The glamorous couple of Kate Middleton and Prince William, now heirs to the British crown, carry the hopes of a modern monarchy close to the British with their three children.
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Her popular Instagram account on Thursday evening shared a black and white photo of Queen Elizabeth II, who died at her Balmoral Castle earlier in the day. But it usually chronicles the life of this seemingly perfect family, with plenty of photos of their three children – Prince George, 9, Princess Charlotte, 7, and Prince Louis, 4, whose grimaces delighted photographers during the Queen’s Jubilee last June.
The couple, both 40, moved last month to the Windsor Estate, where the Queen has normally resided since the COVID pandemic.
On Wednesday, their services released a short video showing their children walking to their new private school to get to know each other. Apparently only one photographer and one videographer were invited, and according to statements from those around them, the young parents tried to enable their children to live as normal a life as possible.
Over the years, the Duke and Duchess of Cambridge, who became the Duke and Duchess of Cornwall and Cambridge on Thursday, have won the hearts of Britons with their image of a happy family, close to the public and far from the tormented childhood by William, whose parents Charles and Diana publicly quarreled, or that of the new king Charles III, who was raised by governesses and educated in boarding schools.
“The enormous interest they arouse” is “obviously” because they embody the future of the monarchy, believes Royale expert Richard Fitzwilliams, but also because of “their very own way” of “regulating things”.
They “have become masters in the art of mastering both the formal and the informal,” he judges.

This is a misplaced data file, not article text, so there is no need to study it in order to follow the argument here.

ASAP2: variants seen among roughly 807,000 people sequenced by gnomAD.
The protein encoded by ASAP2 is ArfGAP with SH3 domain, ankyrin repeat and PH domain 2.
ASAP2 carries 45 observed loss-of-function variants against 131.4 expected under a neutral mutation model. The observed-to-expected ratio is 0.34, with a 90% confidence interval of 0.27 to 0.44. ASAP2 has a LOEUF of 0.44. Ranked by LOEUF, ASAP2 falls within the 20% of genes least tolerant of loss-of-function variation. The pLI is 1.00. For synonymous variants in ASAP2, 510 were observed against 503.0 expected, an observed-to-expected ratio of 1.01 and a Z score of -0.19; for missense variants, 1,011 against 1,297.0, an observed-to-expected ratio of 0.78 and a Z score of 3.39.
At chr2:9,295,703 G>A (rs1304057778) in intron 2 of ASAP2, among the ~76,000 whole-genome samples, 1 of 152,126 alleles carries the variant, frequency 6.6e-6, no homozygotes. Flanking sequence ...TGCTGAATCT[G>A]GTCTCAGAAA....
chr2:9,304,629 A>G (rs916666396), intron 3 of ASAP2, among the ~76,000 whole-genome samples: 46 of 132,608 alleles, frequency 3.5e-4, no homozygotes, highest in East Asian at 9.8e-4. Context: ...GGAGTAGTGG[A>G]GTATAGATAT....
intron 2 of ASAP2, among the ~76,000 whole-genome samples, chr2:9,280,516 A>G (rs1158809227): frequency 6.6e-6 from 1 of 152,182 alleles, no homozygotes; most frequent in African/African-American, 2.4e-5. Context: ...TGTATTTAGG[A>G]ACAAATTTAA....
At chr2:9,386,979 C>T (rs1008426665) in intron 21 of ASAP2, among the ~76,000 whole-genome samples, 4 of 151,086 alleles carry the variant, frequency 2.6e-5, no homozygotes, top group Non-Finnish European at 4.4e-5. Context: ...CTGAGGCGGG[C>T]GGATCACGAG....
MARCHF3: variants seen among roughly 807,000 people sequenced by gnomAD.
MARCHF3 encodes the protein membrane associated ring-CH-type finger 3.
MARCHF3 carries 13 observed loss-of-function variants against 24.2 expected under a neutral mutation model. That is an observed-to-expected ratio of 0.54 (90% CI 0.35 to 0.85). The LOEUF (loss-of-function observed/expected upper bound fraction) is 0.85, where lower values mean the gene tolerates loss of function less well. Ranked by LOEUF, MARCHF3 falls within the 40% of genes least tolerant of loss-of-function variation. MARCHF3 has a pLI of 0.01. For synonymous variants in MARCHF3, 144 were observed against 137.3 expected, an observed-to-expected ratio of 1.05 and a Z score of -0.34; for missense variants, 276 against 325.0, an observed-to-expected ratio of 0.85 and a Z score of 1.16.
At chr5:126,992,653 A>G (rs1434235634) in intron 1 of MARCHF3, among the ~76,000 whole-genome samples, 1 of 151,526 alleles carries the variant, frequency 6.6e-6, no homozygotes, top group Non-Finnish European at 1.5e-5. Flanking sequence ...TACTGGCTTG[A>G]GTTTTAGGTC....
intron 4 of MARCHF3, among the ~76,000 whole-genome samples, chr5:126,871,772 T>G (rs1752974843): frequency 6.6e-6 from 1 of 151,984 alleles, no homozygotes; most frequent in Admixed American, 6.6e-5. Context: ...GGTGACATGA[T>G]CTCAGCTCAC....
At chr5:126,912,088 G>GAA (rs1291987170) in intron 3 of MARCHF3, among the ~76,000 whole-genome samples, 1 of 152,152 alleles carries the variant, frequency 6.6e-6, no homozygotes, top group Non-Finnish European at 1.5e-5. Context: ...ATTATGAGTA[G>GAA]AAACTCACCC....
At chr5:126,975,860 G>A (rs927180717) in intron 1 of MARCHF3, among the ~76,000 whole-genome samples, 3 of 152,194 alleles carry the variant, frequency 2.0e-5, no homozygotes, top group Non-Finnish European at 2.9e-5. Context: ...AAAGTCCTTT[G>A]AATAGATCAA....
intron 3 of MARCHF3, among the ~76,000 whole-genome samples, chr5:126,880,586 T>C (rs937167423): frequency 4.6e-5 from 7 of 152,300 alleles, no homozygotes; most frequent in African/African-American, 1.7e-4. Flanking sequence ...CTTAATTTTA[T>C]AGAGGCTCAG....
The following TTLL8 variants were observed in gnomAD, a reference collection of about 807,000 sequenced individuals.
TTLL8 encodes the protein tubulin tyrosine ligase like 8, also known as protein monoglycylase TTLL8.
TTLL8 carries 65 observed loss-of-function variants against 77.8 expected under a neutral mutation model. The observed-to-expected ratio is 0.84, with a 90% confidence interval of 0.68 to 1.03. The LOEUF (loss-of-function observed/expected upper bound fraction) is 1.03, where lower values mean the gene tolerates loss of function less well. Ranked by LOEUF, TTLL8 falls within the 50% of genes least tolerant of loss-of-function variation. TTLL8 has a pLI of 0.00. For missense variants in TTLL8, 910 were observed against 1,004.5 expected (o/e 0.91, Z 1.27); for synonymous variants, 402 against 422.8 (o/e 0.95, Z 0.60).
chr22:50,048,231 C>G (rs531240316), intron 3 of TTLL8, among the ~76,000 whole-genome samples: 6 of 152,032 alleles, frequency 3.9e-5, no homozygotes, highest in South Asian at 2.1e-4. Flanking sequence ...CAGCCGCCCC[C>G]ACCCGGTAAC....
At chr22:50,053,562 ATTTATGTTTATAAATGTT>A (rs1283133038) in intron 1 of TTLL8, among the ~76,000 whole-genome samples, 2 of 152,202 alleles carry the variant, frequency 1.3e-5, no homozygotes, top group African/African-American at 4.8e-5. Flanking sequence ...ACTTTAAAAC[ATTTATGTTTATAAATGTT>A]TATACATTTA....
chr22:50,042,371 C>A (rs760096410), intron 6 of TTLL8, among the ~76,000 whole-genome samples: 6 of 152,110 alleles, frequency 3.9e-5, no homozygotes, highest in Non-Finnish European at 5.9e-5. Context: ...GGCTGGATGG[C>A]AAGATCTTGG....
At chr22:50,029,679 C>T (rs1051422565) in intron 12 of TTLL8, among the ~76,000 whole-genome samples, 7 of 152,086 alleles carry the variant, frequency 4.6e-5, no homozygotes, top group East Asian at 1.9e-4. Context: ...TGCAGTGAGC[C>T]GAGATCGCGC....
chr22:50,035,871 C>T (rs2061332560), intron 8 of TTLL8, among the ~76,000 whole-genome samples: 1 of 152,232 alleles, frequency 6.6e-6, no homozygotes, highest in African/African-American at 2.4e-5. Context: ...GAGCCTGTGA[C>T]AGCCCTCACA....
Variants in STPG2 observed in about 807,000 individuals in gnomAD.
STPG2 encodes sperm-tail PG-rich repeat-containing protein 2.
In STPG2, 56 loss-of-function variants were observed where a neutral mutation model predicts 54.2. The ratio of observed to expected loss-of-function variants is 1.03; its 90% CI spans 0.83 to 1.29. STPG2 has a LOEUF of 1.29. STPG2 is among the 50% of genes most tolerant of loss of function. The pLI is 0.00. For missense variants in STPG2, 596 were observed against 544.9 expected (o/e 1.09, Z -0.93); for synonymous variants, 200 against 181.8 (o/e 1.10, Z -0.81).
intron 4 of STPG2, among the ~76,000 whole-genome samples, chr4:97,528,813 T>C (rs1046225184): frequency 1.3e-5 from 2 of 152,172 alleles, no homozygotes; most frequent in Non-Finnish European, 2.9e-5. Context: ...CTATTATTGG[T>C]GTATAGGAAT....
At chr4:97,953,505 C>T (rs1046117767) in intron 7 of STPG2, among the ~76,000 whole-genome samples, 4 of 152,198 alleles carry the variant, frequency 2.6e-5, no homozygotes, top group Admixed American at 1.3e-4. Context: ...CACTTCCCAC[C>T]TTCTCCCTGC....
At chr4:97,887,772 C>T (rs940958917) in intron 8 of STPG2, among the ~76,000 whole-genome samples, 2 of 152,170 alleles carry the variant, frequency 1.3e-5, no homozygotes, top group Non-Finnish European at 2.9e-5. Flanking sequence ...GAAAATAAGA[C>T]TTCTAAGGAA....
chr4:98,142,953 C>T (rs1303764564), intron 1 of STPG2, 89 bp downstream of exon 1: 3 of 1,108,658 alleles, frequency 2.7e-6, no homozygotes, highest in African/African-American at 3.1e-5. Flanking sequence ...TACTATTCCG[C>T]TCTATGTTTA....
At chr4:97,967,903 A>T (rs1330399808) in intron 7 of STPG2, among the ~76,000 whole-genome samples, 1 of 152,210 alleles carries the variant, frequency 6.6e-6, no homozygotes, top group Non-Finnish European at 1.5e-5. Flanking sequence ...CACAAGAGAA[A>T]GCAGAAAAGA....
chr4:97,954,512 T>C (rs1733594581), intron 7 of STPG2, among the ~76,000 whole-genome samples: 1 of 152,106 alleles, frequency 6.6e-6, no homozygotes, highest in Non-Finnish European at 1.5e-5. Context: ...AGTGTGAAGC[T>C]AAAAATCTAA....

The couple is often photographed arm in arm at high profile receptions or at major celebrity events like the James Bond premiere. “Kate has long been a fashion icon,” adds Mr Fitzwilliams.
For him, “it’s been very good for British fashion” … but also for the couple’s image.
This very glittery image is offset by a laid-back and close side towards Brits, particularly the couple’s numerous commitments to causes close to their hearts – mental health for William, early childhood for Kate.
The couple regularly reveals secrets about their personal lives, like doing homework while in detention related to COVID, or appearing to be exercising.
Last summer, Prince George was photographed with his parents at England football matches, drawing some mockery for wearing a suit and tie despite his young age.
His mother feeds this image of normality with daily casual photos taken of George in a football shirt on the grass. Other shots show Charlotte handing out food parcels or even painting the youngest with her hands.
It also helps satisfy the press’s insatiable need for pictures of the family while protecting them from the paparazzi who hunted Diana to the point of death.
“There has always been an agreement regarding media coverage of royal children,” although relations with the press may have been “very strained” at certain times, explains Mr Fitzwilliams. “When they’re young, they get some privacy against photos or videos at certain times — like birthdays, Christmas, their first day of school.”
“They’ve been very successful in protecting that mix of normalcy” and royal status, he says.
According to a recent YouGov Institute poll, Kate is the most popular member of the royal family after the Queen. Her husband is hot on her heels, way ahead of her father, King Charles III.
“I think that William and Kate are in many ways the mirrors of the Queen and Philip,” journalist Robert Jobson told AFP about her husband, who died last year.
According to him, Charles’ reign is “regarded as a transition to his son”. One thing is certain: the Cambridges “will bring to the monarchy, after such aged monarchs, a sense of modernity that is probably necessary to contribute to its continued existence.”